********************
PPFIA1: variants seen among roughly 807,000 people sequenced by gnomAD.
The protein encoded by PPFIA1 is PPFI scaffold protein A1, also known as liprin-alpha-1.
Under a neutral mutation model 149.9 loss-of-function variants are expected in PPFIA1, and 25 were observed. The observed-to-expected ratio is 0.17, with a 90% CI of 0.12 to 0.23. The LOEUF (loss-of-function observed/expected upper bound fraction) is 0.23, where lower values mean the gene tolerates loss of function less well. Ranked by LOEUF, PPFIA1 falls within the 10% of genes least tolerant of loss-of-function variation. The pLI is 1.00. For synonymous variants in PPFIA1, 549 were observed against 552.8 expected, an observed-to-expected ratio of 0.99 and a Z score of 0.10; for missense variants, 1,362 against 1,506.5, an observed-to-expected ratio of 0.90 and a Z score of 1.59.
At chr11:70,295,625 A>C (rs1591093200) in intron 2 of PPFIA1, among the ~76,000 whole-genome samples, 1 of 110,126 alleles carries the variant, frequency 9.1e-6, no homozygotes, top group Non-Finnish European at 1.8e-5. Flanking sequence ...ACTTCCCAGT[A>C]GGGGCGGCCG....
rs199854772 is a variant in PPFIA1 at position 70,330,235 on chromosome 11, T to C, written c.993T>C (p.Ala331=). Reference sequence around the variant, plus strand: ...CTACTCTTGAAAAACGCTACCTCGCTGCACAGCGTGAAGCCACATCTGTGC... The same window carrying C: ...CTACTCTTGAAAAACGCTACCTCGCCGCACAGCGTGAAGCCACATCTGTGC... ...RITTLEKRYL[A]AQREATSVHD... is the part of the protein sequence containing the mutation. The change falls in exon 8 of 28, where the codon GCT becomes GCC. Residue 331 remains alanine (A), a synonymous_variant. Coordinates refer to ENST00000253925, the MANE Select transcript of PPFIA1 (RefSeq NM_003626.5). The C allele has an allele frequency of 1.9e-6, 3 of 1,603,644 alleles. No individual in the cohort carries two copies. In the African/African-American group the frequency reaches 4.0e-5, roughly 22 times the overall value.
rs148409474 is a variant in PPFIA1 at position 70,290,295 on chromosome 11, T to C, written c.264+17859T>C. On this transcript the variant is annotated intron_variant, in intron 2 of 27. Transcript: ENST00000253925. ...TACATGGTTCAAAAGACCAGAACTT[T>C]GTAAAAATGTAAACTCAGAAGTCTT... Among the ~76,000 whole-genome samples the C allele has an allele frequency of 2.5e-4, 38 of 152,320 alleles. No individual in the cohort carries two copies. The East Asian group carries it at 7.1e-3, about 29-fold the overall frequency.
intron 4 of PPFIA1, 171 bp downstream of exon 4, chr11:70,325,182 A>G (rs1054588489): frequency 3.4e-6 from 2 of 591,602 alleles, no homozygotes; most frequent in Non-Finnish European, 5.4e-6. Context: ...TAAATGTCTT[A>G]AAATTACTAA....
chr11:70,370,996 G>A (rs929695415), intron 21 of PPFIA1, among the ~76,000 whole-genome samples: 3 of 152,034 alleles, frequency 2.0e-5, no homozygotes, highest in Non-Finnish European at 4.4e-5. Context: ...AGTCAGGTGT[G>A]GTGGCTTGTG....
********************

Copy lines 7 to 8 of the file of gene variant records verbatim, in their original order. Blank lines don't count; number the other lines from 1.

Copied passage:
intron 4 of PPFIA1, 171 bp downstream of exon 4, chr11:70,325,182 A>G (rs1054588489): frequency 3.4e-6 from 2 of 591,602 alleles, no homozygotes; most frequent in Non-Finnish European, 5.4e-6. Context: ...TAAATGTCTT[A>G]AAATTACTAA....
chr11:70,370,996 G>A (rs929695415), intron 21 of PPFIA1, among the ~76,000 whole-genome samples: 3 of 152,034 alleles, frequency 2.0e-5, no homozygotes, highest in Non-Finnish European at 4.4e-5. Context: ...AGTCAGGTGT[G>A]GTGGCTTGTG....